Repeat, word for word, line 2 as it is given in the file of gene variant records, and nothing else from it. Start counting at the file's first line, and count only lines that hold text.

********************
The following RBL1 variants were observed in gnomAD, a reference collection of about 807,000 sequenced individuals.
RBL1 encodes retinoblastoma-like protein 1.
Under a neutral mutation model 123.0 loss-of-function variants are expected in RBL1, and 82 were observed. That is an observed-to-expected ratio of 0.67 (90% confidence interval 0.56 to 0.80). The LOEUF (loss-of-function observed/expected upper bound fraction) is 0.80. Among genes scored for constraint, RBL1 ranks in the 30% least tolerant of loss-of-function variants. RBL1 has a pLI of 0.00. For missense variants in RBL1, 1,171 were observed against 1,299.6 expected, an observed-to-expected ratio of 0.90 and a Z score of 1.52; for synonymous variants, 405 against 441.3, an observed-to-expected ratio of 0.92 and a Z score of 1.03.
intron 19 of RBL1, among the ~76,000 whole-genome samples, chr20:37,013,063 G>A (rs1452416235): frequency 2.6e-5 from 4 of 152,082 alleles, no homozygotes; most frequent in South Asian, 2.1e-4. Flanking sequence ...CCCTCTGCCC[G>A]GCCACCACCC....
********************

RBL1 encodes retinoblastoma-like protein 1.